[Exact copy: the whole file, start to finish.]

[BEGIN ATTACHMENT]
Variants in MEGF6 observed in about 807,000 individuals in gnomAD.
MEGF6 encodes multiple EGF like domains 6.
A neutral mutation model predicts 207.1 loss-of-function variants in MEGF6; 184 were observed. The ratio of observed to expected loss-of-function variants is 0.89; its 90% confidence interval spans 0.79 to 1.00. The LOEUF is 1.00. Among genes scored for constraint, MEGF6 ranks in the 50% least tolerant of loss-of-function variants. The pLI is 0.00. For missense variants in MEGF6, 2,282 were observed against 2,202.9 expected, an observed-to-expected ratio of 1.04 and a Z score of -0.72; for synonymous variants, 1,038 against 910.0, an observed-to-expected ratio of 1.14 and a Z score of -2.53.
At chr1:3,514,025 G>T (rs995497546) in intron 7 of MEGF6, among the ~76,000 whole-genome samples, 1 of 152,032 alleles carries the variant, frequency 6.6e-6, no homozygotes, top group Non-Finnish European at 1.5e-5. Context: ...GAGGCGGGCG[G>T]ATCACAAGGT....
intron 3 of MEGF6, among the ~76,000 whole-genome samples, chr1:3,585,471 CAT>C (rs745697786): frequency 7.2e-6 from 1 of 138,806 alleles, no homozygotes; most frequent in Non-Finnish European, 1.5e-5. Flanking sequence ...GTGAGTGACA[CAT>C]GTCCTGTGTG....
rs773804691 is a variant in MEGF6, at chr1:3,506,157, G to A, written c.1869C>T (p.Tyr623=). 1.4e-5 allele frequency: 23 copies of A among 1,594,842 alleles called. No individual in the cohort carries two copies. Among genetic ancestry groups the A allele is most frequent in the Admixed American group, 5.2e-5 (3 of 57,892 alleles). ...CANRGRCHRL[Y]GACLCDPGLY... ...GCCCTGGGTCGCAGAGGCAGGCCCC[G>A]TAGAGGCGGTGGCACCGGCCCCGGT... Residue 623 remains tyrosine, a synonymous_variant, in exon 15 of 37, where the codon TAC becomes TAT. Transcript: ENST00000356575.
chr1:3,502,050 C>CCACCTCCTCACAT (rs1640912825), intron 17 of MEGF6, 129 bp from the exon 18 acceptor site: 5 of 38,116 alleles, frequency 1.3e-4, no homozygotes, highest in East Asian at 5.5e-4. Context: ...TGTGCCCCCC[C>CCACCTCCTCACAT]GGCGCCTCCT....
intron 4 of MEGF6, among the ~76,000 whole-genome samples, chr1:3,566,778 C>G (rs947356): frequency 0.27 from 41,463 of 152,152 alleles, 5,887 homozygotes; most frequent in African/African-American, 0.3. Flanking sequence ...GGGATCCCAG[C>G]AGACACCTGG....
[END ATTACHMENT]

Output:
Variants in MEGF6 observed in about 807,000 individuals in gnomAD.
MEGF6 encodes multiple EGF like domains 6.
A neutral mutation model predicts 207.1 loss-of-function variants in MEGF6; 184 were observed. The ratio of observed to expected loss-of-function variants is 0.89; its 90% confidence interval spans 0.79 to 1.00. The LOEUF is 1.00. Among genes scored for constraint, MEGF6 ranks in the 50% least tolerant of loss-of-function variants. The pLI is 0.00. For missense variants in MEGF6, 2,282 were observed against 2,202.9 expected, an observed-to-expected ratio of 1.04 and a Z score of -0.72; for synonymous variants, 1,038 against 910.0, an observed-to-expected ratio of 1.14 and a Z score of -2.53.
At chr1:3,514,025 G>T (rs995497546) in intron 7 of MEGF6, among the ~76,000 whole-genome samples, 1 of 152,032 alleles carries the variant, frequency 6.6e-6, no homozygotes, top group Non-Finnish European at 1.5e-5. Context: ...GAGGCGGGCG[G>T]ATCACAAGGT....
intron 3 of MEGF6, among the ~76,000 whole-genome samples, chr1:3,585,471 CAT>C (rs745697786): frequency 7.2e-6 from 1 of 138,806 alleles, no homozygotes; most frequent in Non-Finnish European, 1.5e-5. Flanking sequence ...GTGAGTGACA[CAT>C]GTCCTGTGTG....
rs773804691 is a variant in MEGF6, at chr1:3,506,157, G to A, written c.1869C>T (p.Tyr623=). 1.4e-5 allele frequency: 23 copies of A among 1,594,842 alleles called. No individual in the cohort carries two copies. Among genetic ancestry groups the A allele is most frequent in the Admixed American group, 5.2e-5 (3 of 57,892 alleles). ...CANRGRCHRL[Y]GACLCDPGLY... ...GCCCTGGGTCGCAGAGGCAGGCCCC[G>A]TAGAGGCGGTGGCACCGGCCCCGGT... Residue 623 remains tyrosine, a synonymous_variant, in exon 15 of 37, where the codon TAC becomes TAT. Transcript: ENST00000356575.
chr1:3,502,050 C>CCACCTCCTCACAT (rs1640912825), intron 17 of MEGF6, 129 bp from the exon 18 acceptor site: 5 of 38,116 alleles, frequency 1.3e-4, no homozygotes, highest in East Asian at 5.5e-4. Context: ...TGTGCCCCCC[C>CCACCTCCTCACAT]GGCGCCTCCT....
intron 4 of MEGF6, among the ~76,000 whole-genome samples, chr1:3,566,778 C>G (rs947356): frequency 0.27 from 41,463 of 152,152 alleles, 5,887 homozygotes; most frequent in African/African-American, 0.3. Flanking sequence ...GGGATCCCAG[C>G]AGACACCTGG....